Donald Trump arrives for a meeting with Henry Kissinger in New York City last week. (Reuters/Brendan McDermid)


Donald Trump bests Hillary Clinton by 2 points among registered voters in the new Washington Post/ABC poll. While within the margin of error, this represents an 11-point swing in his direction since March. The presumptive Republican nominee’s lead is driven by strength among independent voters, who favor him by 13 points.

But our national poll finds that these independent voters are profoundly troubled by Trump’s refusal to release his tax returns, a sign of the issue’s potential potency.

Six in 10 independents believe Trump should release his taxes, and almost all of them say they feel strongly about it. Even 44 percent of Republicans want the billionaire businessman to release his returns before the November election, though they are less passionate.

Both candidates are viewed more unfavorably than favorably by double digits. Interestingly, one of the few issues that works to Trump’s advantage right now is tax policy:

-- Trump is trying to become the first major-party nominee in 40 years not to release his returns. His excuses continue to evolve:

In 2011, he said he’d share his tax returns if Barack Obama released his birth certificate. The president did; The Donald did not follow through.

In 2012, Trump criticized Mitt Romney for trying to keep his returns private. (Romney eventually relented.)

This January, Trump declared he was ready to release his returns. But, after winning in several primaries, the business mogul clarified that he won’t release them until after the IRS finishes auditing him. (Something which raises its own host of questions.) Then Trump claimed there’s nothing to learn from the filings. Next, he invoked personal privacy. “None of your business,” he’s said a few times. After a backlash, he reiterated that he wants to release them but cannot. He’s bragged about paying as little as possible, which he’s called “the American way,” but he also routinely attacks corporations for using loopholes to “get away with murder” in his stump speech.

Trump told The Post last week that he has paid “substantial” taxes but declined to provide specifics. He reiterated that he tries “very hard to pay as little tax as possible”: “One of the reasons is because the government takes your money and wastes it in the Middle East and all over the place.”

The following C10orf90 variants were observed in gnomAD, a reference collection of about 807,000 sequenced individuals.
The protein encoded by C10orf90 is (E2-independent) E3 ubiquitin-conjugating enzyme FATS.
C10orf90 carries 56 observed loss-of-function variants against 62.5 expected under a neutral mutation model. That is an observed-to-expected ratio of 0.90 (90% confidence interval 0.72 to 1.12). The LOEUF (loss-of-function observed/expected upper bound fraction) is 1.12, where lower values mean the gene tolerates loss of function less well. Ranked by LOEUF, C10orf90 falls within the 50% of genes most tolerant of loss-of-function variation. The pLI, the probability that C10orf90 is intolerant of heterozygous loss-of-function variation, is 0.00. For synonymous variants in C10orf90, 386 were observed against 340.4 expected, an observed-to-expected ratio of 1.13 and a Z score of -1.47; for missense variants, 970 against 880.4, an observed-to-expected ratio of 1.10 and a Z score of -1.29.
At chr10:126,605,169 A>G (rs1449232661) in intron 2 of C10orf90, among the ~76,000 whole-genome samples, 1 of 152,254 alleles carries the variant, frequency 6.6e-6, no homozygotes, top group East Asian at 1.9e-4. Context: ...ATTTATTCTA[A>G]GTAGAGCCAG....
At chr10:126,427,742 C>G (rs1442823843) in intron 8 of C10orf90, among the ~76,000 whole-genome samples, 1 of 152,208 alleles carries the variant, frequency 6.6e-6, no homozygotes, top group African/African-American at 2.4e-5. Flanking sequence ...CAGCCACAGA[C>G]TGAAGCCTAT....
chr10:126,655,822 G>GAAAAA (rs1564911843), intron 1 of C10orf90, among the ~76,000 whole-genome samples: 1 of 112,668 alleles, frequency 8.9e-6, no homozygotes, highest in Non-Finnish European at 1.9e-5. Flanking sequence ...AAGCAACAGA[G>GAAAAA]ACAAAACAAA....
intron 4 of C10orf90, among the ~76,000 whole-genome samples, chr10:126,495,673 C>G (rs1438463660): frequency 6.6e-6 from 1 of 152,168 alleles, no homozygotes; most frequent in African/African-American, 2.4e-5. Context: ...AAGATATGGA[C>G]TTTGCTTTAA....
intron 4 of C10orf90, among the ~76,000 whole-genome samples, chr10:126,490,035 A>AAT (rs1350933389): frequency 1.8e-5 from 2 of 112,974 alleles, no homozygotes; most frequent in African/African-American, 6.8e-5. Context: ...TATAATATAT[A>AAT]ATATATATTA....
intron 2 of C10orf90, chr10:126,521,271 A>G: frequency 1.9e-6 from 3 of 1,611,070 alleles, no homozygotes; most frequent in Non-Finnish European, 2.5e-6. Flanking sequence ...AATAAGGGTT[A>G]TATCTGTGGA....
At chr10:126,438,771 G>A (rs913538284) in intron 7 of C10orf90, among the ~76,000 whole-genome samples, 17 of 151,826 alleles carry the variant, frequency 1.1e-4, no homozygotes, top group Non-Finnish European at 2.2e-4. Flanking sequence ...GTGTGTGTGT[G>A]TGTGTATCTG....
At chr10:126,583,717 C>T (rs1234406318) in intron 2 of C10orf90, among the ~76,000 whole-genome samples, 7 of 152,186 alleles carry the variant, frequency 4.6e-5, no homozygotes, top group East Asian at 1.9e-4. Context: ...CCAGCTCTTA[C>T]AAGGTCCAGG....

-- Trump did not pay any federal income tax for at least two years in the late 1970s, The Post’s Drew Harwell revealed on Friday. “The disclosure, in a 1981 report by New Jersey gambling regulators, revealed that the wealthy Manhattan investor had … taken advantage of a tax-code provision popular with developers that allowed him to report negative income.”

-- Trolling Trump, Hillary suggested yesterday that her opponent is not releasing the filings because he’s not as successful as he claims. “He goes around talking about make America great,” Clinton said on “Meet the Press.” “You know, that means paying for our military. That means paying for our roads. That means paying for the VA. If you've got someone running for president who is afraid to release his tax returns because it will expose the fact that he pays no federal income tax, that's a big problem.”

-- How we know this issue is starting to break through: People Magazine’s home page links to a story about the above quote this morning.

Trump tweeted this image of himself signing his tax return, but that's it... (Trump Presidential Campaign via AP)

-- Why the tax returns are a great wedge issue for HRC:

1. Helps make the case that Trump is not “on your side.” Our polling shows that Trump is overwhelmingly seen as the candidate whose economic policies would help the rich get richer. Hillary can use the tax secrecy issue to say that he’s looking out for himself, not the middle class.

2. Burnishes the attack that Trump is not trustworthy. Remember that big fundraiser Trump had for veterans in January, when he skipped the Fox News debate on the eve of the Iowa caucuses? The candidate declared he had raised more than $6 million. Now, Trump’s campaign says the fundraiser actually netted about $4.5 million, $1.5 million less than he said, per David Fahrenthold.

3. Neutralizes Clinton’s own secrecy problem: Recall how hard Bernie Sanders has hit her for not releasing the transcripts of her speeches to Goldman Sachs. That has no teeth in a general election if Trump is keeping his taxes private.

-- Clearly, Trump’s calculation is that whatever emerges from releasing the documents would be more damaging than continuing to hide them from the voters. Conservative Post blogger Jennifer Rubin says “other problems could include: foreign entanglements; business deals with shady characters; making money from businesses that have shipped jobs overseas; and embarrassing details on alimony to former wives.” But perhaps the first-time candidate merely does not comprehend how much this issue can and will be used against him.

Other key numbers from our new poll—

-- Trump’s proposal to temporarily ban Muslims from entering the United States is more popular than you probably think: 40 percent of adults support it, including 30 percent strongly, while just 50 percent oppose it. Two-thirds of Republicans back the ban, as do 45 percent of independents. (Our Mary Jordan has an excellent story from Syria, Virginia, this morning about the kinds of voters who cheer on Trump's Muslim position.)

-- In a sign that the base is coming home, Trump wins 85 percent of self-identified Republicans. While 41 percent of registered Republicans say Trump’s views do not reflect the core values of the party, most support him anyway.

-- 58 percent of U.S. adults say Trump is not qualified to be president. (63 percent say Clinton is qualified.)